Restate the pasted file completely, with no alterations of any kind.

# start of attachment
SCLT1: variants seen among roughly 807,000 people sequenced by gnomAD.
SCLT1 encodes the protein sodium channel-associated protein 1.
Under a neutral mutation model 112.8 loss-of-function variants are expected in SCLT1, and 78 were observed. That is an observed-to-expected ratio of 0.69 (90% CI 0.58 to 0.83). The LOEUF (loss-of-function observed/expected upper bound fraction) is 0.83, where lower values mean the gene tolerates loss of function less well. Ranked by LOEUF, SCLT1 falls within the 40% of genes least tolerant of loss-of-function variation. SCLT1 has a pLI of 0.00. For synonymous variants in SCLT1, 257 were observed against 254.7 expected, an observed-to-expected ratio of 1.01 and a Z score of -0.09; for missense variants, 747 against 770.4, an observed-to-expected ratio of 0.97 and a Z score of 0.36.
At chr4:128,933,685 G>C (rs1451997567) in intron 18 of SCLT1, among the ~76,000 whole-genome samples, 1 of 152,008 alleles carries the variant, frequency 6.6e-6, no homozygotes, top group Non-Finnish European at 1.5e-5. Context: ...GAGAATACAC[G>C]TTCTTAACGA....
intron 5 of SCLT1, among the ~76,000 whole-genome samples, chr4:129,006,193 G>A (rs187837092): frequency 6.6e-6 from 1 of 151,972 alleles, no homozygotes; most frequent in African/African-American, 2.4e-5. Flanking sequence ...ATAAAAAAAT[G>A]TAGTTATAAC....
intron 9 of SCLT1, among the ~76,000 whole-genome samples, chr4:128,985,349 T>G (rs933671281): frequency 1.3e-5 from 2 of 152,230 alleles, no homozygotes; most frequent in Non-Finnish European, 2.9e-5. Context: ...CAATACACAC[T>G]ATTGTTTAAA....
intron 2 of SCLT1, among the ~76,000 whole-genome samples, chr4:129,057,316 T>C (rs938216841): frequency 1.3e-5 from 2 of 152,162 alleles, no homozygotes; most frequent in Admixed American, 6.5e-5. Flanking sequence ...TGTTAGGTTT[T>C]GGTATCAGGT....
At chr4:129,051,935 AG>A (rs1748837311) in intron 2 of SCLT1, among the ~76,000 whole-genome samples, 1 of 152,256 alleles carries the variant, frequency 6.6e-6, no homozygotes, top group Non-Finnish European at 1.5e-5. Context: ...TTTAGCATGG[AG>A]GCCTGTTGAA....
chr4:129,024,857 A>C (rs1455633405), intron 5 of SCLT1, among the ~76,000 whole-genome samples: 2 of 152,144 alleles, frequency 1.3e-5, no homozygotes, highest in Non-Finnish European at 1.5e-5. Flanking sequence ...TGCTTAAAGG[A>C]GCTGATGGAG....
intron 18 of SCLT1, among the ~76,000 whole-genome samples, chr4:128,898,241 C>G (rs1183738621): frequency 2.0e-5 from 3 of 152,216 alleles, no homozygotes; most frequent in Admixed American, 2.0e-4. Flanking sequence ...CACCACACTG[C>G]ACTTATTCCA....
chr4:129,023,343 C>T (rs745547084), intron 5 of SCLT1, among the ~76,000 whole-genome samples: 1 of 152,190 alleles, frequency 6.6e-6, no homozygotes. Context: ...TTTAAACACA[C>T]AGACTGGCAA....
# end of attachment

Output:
SCLT1: variants seen among roughly 807,000 people sequenced by gnomAD.
SCLT1 encodes the protein sodium channel-associated protein 1.
Under a neutral mutation model 112.8 loss-of-function variants are expected in SCLT1, and 78 were observed. That is an observed-to-expected ratio of 0.69 (90% CI 0.58 to 0.83). The LOEUF (loss-of-function observed/expected upper bound fraction) is 0.83, where lower values mean the gene tolerates loss of function less well. Ranked by LOEUF, SCLT1 falls within the 40% of genes least tolerant of loss-of-function variation. SCLT1 has a pLI of 0.00. For synonymous variants in SCLT1, 257 were observed against 254.7 expected, an observed-to-expected ratio of 1.01 and a Z score of -0.09; for missense variants, 747 against 770.4, an observed-to-expected ratio of 0.97 and a Z score of 0.36.
At chr4:128,933,685 G>C (rs1451997567) in intron 18 of SCLT1, among the ~76,000 whole-genome samples, 1 of 152,008 alleles carries the variant, frequency 6.6e-6, no homozygotes, top group Non-Finnish European at 1.5e-5. Context: ...GAGAATACAC[G>C]TTCTTAACGA....
intron 5 of SCLT1, among the ~76,000 whole-genome samples, chr4:129,006,193 G>A (rs187837092): frequency 6.6e-6 from 1 of 151,972 alleles, no homozygotes; most frequent in African/African-American, 2.4e-5. Flanking sequence ...ATAAAAAAAT[G>A]TAGTTATAAC....
intron 9 of SCLT1, among the ~76,000 whole-genome samples, chr4:128,985,349 T>G (rs933671281): frequency 1.3e-5 from 2 of 152,230 alleles, no homozygotes; most frequent in Non-Finnish European, 2.9e-5. Context: ...CAATACACAC[T>G]ATTGTTTAAA....
intron 2 of SCLT1, among the ~76,000 whole-genome samples, chr4:129,057,316 T>C (rs938216841): frequency 1.3e-5 from 2 of 152,162 alleles, no homozygotes; most frequent in Admixed American, 6.5e-5. Flanking sequence ...TGTTAGGTTT[T>C]GGTATCAGGT....
At chr4:129,051,935 AG>A (rs1748837311) in intron 2 of SCLT1, among the ~76,000 whole-genome samples, 1 of 152,256 alleles carries the variant, frequency 6.6e-6, no homozygotes, top group Non-Finnish European at 1.5e-5. Context: ...TTTAGCATGG[AG>A]GCCTGTTGAA....
chr4:129,024,857 A>C (rs1455633405), intron 5 of SCLT1, among the ~76,000 whole-genome samples: 2 of 152,144 alleles, frequency 1.3e-5, no homozygotes, highest in Non-Finnish European at 1.5e-5. Flanking sequence ...TGCTTAAAGG[A>C]GCTGATGGAG....
intron 18 of SCLT1, among the ~76,000 whole-genome samples, chr4:128,898,241 C>G (rs1183738621): frequency 2.0e-5 from 3 of 152,216 alleles, no homozygotes; most frequent in Admixed American, 2.0e-4. Flanking sequence ...CACCACACTG[C>G]ACTTATTCCA....
chr4:129,023,343 C>T (rs745547084), intron 5 of SCLT1, among the ~76,000 whole-genome samples: 1 of 152,190 alleles, frequency 6.6e-6, no homozygotes. Context: ...TTTAAACACA[C>T]AGACTGGCAA....